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Look at the Statue of Unity – So Bright, It Has No Shadow?

The statue is symbolic of all that this govt is about. Look at the shiny top, not what’s happening on the ground. 

Updated
Opinion
4 min read
Look at the Statue of Unity – So Bright, It Has No Shadow?
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It’s interesting that so much of the mainstream media’s coverage of the unveiling of the colossal Sardar Patel statue in Kevadiya in Gujarat, focused on aerial shots. How it looks from the sky.

It’s exactly the politics this government is hoping to preserve as crucial assembly elections are upon us, and a national one in six months. Don’t look at what’s happening on the ground. You may find then that the most disturbing thing about this 182 metre statue is that it is meant to have no shadow.

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Hunger Games, ‘Border Wars’– and Tall Statues

It shines so bright from the safe and comfortable distance of a drone or helicopter or a Google map shot, that you won’t see the distress of farmers and tribals from about seventy surrounding villages. People like Lakhanbhai from Musavadi gaon, for instance. He’s among thousands of bewildered farmers with a shrinking crop on account of little or no water in their area, within a radius of ten kilometres of the great and glorious Narmada river.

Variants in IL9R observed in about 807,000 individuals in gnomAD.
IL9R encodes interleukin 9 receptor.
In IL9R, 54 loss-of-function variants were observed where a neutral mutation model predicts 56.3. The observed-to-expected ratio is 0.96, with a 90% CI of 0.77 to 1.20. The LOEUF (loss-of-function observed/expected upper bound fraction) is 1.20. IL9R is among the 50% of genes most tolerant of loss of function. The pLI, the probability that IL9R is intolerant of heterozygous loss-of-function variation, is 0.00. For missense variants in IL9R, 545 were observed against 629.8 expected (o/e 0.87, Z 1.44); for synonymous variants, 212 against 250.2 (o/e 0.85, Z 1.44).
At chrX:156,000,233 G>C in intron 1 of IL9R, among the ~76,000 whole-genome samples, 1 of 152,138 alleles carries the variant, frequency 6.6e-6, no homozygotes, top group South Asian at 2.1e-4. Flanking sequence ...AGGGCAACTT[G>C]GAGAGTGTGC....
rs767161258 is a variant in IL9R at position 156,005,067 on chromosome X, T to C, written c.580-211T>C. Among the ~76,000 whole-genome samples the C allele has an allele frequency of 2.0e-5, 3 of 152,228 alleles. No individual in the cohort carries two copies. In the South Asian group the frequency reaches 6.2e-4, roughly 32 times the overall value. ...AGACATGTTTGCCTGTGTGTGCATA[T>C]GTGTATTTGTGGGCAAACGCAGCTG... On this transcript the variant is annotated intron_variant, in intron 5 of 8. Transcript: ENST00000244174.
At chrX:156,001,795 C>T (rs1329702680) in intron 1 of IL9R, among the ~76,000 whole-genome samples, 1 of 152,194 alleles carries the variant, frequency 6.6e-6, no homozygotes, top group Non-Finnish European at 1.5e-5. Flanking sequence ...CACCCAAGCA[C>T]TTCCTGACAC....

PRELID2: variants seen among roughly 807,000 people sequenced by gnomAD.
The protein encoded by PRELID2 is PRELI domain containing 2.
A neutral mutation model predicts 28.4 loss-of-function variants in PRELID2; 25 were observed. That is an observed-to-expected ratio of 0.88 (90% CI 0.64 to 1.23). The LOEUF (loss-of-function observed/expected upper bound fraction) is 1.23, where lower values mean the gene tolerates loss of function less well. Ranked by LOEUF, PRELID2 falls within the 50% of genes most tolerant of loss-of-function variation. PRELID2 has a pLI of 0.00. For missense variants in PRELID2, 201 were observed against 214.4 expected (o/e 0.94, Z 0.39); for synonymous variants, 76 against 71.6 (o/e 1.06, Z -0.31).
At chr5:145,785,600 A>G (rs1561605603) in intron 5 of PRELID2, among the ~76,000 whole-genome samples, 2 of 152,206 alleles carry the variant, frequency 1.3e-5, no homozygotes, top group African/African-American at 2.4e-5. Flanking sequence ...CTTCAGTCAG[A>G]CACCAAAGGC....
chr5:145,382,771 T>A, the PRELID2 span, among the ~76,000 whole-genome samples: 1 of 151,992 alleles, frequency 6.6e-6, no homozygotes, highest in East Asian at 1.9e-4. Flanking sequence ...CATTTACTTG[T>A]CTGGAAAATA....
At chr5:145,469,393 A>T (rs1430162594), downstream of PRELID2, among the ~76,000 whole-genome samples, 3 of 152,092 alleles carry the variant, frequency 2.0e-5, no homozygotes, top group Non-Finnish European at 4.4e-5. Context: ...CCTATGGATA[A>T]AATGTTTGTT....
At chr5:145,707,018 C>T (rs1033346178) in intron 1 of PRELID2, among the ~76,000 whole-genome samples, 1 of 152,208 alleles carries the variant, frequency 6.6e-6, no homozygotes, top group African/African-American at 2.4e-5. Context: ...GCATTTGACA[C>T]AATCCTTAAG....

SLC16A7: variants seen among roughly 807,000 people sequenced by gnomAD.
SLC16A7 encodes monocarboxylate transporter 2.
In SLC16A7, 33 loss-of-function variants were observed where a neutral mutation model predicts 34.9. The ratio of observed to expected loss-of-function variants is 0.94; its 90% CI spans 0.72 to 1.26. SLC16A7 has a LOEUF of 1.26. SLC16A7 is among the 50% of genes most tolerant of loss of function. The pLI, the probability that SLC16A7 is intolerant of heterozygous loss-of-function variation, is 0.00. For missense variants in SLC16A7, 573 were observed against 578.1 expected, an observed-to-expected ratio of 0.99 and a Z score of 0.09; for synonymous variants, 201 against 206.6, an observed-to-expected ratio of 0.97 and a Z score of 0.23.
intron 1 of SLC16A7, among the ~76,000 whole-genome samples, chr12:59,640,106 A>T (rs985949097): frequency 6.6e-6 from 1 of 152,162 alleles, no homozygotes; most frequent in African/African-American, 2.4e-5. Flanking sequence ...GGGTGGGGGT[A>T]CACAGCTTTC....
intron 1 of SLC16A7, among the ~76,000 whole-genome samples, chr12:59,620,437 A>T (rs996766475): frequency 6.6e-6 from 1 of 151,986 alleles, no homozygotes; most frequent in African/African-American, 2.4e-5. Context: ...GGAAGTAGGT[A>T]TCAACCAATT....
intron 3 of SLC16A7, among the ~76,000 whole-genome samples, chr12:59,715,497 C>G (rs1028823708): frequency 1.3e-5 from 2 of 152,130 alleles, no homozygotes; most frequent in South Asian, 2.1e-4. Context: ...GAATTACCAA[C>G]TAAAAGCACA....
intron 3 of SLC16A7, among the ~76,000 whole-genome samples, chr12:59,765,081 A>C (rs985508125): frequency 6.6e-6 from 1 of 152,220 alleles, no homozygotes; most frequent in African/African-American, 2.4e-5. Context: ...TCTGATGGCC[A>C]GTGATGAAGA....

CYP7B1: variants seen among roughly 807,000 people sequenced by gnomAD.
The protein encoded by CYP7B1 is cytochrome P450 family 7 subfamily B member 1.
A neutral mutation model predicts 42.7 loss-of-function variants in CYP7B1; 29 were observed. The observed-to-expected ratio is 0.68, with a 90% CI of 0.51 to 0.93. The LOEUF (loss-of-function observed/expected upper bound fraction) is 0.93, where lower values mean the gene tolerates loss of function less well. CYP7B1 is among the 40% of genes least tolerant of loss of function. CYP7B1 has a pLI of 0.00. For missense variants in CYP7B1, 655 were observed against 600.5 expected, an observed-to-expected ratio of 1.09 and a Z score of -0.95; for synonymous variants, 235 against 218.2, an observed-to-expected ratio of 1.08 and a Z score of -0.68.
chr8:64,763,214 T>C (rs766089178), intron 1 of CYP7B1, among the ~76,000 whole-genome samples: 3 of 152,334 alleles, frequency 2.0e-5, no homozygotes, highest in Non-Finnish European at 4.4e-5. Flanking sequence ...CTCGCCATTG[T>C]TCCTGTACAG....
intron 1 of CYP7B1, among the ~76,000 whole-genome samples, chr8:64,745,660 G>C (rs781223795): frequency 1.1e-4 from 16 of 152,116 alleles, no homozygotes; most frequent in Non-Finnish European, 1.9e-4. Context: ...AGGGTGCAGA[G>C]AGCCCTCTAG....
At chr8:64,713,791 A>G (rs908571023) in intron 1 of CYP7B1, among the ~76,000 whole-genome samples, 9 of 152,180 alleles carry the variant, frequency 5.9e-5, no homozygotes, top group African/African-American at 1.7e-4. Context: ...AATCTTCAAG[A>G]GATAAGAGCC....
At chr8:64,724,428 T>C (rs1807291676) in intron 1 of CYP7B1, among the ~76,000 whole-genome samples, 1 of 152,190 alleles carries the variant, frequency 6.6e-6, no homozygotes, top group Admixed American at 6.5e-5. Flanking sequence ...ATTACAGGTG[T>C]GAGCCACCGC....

Who saw how water from the dams – the Narmada and Garudeshwar – was apparently released in order for it to accumulate around the statue’s feet and make it look pretty. Where was this water when we needed it in a season of inadequate rain, they are asking. Some wrote letters in blood to Prime Minister Modi, ahead of the unveiling. Others protested by foregoing one meal.

A tribal rights activist, Rohit Prajapati was among these starving and protesting people, and was detained by the police ahead of the grand inauguration. “We weren’t planning on causing any trouble,” he said.

“We just wanted to forego a meal and gather together to share our woes.” And then he added, “But there were over 5,000 police personnel in the area. It was as if we’re stuck in some kind of border war or something.”

The Statue’s Political Significance

By all accounts, the statue being sold to the people of India and the world, as the tallest statue and the biggest tourist attraction, sits in a bed where the local residents seem unimpressed. In fact some are angry enough to say this will reflect in the way they vote in the general elections next year.

The political significance of the statue is enormous. It’s the 3D shape and form of Narendra Modi’s big campaign in 2014 that made him prime minister.

A campaign clad in iron that drew its sustenance from the legacy of Sardar Patel – the man who brought 565 princely states into the Indian Union.

In commissioning the tallest statue in the world of such a tall leader, Modi meant for it to herald a new era of big change. Now, farmers in Gujarat, living along the banks of the fast-disappearing Narmada point out, ‘it’s PR that has gone from solid metal to bronze clad to empty promises, gathering rust’.